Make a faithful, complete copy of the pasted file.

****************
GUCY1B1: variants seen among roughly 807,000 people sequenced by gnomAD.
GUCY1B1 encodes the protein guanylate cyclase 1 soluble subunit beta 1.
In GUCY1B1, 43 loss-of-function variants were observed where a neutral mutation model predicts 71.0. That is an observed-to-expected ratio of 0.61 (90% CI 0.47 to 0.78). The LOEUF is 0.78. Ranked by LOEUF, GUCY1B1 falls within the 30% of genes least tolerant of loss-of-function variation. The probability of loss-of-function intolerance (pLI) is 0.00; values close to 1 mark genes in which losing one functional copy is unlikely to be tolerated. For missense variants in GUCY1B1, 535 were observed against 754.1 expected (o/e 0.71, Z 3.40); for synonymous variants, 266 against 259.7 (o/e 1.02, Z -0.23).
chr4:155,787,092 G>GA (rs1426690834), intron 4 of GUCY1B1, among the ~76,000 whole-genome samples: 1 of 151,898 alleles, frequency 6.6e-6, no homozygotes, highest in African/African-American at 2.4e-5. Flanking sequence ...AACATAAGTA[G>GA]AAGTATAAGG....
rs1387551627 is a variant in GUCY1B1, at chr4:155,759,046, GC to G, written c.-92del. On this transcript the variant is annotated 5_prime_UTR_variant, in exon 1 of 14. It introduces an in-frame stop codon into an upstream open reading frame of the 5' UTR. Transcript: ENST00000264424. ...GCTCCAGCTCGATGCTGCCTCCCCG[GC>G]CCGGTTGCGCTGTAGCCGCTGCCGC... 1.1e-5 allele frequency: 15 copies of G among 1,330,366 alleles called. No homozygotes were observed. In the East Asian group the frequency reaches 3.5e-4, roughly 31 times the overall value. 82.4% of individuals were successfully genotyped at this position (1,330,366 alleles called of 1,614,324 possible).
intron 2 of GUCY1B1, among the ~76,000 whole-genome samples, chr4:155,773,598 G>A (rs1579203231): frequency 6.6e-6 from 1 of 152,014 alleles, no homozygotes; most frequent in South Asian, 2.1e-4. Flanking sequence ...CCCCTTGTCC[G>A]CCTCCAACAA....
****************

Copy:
GUCY1B1: variants seen among roughly 807,000 people sequenced by gnomAD.
GUCY1B1 encodes the protein guanylate cyclase 1 soluble subunit beta 1.
In GUCY1B1, 43 loss-of-function variants were observed where a neutral mutation model predicts 71.0. That is an observed-to-expected ratio of 0.61 (90% CI 0.47 to 0.78). The LOEUF is 0.78. Ranked by LOEUF, GUCY1B1 falls within the 30% of genes least tolerant of loss-of-function variation. The probability of loss-of-function intolerance (pLI) is 0.00; values close to 1 mark genes in which losing one functional copy is unlikely to be tolerated. For missense variants in GUCY1B1, 535 were observed against 754.1 expected (o/e 0.71, Z 3.40); for synonymous variants, 266 against 259.7 (o/e 1.02, Z -0.23).
chr4:155,787,092 G>GA (rs1426690834), intron 4 of GUCY1B1, among the ~76,000 whole-genome samples: 1 of 151,898 alleles, frequency 6.6e-6, no homozygotes, highest in African/African-American at 2.4e-5. Flanking sequence ...AACATAAGTA[G>GA]AAGTATAAGG....
rs1387551627 is a variant in GUCY1B1, at chr4:155,759,046, GC to G, written c.-92del. On this transcript the variant is annotated 5_prime_UTR_variant, in exon 1 of 14. It introduces an in-frame stop codon into an upstream open reading frame of the 5' UTR. Transcript: ENST00000264424. ...GCTCCAGCTCGATGCTGCCTCCCCG[GC>G]CCGGTTGCGCTGTAGCCGCTGCCGC... 1.1e-5 allele frequency: 15 copies of G among 1,330,366 alleles called. No homozygotes were observed. In the East Asian group the frequency reaches 3.5e-4, roughly 31 times the overall value. 82.4% of individuals were successfully genotyped at this position (1,330,366 alleles called of 1,614,324 possible).
intron 2 of GUCY1B1, among the ~76,000 whole-genome samples, chr4:155,773,598 G>A (rs1579203231): frequency 6.6e-6 from 1 of 152,014 alleles, no homozygotes; most frequent in South Asian, 2.1e-4. Flanking sequence ...CCCCTTGTCC[G>A]CCTCCAACAA....